Deakin University

File(s) under embargo

A randomized controlled trial of an online single session intervention for body image in individuals with recurrent binge eating

Version 3 2024-06-14, 23:05
Version 2 2024-06-03, 03:59
Version 1 2024-05-09, 01:36
journal contribution
posted on 2024-06-14, 23:05 authored by Mariel MesserMariel Messer, Matthew Fuller-TyszkiewiczMatthew Fuller-Tyszkiewicz, Claudia LiuClaudia Liu, C Anderson, Jake LinardonJake Linardon
AbstractObjectiveTheoretical models highlight body image disturbances as central to the maintenance of eating disorders, with empirical evidence finding negative body image to be a robust predictor of treatment nonresponse, relapse and symptom persistence. Accessible, scalable, and inexpensive interventions that can effectively target negative body image across the eating disorders are needed. We developed an online single session intervention (SSI) for negative body image and evaluated its acceptability and efficacy in a randomized controlled trial in individuals with recurrent binge eating.MethodParticipants with recurrent binge eating were randomly assigned to the SSI (n = 99) or a waitlist (n = 101). Assessments were conducted at baseline, 4 week follow‐up, and 8 week follow‐up.Results81% of participants accessed the SSI, demonstrating reasonable uptake. However, issues with attrition were apparent; a 32% study dropout rate was observed at posttest, while a 58% dropout rate was observed at follow‐up. 87% of participants who completed satisfaction measures would recommend the SSI. SSI participants experienced greater improvements in negative body image at both 4 (d = −0.65) and 8 week (d = −0.74) follow‐up. Significant between‐group effects were also observed on most other secondary symptom measures, though no differences were found for motivations and help‐seeking beliefs and intentions.ConclusionBody image‐focused self‐guided SSIs for recurrent binge are largely accepted by those who are retained in the trial, but are associated with significant attrition. Although SSIs are not intended to replace standard treatment, they may help with short‐term symptom management and could play an important role in eating disorder care.Public SignificanceSingle session interventions (SSI) are a potentially accessible, scalable, and cost‐effective way to deliver evidence‐based treatment content to people with eating disorders. This study shows that an online (SSI) designed to target body image among people with recurrent binge eating is accepted and produced short‐term symptom relief.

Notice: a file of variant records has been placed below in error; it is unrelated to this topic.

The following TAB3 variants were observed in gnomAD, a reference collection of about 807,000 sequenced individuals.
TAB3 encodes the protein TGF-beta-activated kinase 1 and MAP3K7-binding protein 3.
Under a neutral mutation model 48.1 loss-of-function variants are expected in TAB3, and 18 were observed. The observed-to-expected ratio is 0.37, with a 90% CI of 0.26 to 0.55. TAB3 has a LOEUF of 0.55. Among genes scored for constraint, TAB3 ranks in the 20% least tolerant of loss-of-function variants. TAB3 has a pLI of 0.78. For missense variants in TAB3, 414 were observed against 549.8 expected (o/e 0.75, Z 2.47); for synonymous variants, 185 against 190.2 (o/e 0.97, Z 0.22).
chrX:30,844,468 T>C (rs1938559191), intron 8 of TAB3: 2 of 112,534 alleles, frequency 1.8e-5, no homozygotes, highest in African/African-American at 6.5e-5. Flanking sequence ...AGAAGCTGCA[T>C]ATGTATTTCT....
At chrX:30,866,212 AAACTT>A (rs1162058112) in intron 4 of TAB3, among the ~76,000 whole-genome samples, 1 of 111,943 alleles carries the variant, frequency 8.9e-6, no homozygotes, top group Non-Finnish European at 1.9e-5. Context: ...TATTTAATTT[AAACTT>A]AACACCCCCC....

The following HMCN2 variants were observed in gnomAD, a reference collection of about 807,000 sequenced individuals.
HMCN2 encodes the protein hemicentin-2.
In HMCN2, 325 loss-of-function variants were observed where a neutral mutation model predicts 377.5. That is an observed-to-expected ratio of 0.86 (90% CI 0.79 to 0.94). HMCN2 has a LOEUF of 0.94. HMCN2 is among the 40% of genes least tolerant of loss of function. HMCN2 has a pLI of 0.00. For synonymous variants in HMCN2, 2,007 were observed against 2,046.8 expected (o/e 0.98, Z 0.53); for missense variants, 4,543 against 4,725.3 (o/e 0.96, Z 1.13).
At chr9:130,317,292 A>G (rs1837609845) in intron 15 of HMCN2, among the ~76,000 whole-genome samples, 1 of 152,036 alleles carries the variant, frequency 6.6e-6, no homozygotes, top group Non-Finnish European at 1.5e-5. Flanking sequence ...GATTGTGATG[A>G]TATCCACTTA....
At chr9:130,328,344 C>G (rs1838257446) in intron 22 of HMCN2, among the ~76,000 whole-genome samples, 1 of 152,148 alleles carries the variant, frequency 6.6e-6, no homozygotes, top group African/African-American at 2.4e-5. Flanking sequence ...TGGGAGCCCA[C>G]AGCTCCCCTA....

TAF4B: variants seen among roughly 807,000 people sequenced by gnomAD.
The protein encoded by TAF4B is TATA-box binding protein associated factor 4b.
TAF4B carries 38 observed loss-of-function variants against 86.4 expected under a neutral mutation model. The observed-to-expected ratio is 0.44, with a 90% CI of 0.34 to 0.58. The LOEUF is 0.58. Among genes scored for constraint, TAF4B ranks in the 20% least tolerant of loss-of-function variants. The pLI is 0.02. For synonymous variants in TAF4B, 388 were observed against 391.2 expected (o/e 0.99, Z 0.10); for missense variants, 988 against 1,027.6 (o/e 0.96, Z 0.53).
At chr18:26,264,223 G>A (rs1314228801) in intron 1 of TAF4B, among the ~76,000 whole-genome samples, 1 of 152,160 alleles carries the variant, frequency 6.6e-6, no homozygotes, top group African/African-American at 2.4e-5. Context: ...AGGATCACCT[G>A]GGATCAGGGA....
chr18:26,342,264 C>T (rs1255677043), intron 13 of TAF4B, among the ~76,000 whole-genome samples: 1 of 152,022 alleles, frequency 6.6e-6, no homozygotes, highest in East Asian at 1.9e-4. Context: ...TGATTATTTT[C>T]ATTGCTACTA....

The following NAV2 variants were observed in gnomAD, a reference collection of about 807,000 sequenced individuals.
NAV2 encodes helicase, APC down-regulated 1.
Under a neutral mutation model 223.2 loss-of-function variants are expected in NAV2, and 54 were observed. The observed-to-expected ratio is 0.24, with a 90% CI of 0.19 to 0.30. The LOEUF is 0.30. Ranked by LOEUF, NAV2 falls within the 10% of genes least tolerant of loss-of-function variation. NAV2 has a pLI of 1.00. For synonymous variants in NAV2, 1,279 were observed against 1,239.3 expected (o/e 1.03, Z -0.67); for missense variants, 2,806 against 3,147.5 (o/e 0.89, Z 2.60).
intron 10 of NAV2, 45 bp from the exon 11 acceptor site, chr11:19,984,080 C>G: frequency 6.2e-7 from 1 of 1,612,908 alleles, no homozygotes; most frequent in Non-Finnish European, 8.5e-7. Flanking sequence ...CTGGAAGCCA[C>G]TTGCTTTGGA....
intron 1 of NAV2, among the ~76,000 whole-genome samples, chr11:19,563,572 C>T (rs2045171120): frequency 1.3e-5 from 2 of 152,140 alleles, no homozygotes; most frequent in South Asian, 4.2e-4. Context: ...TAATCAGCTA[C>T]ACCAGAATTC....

International Journal of Eating Disorders




London, Eng.







Publication classification

C1 Refereed article in a scholarly journal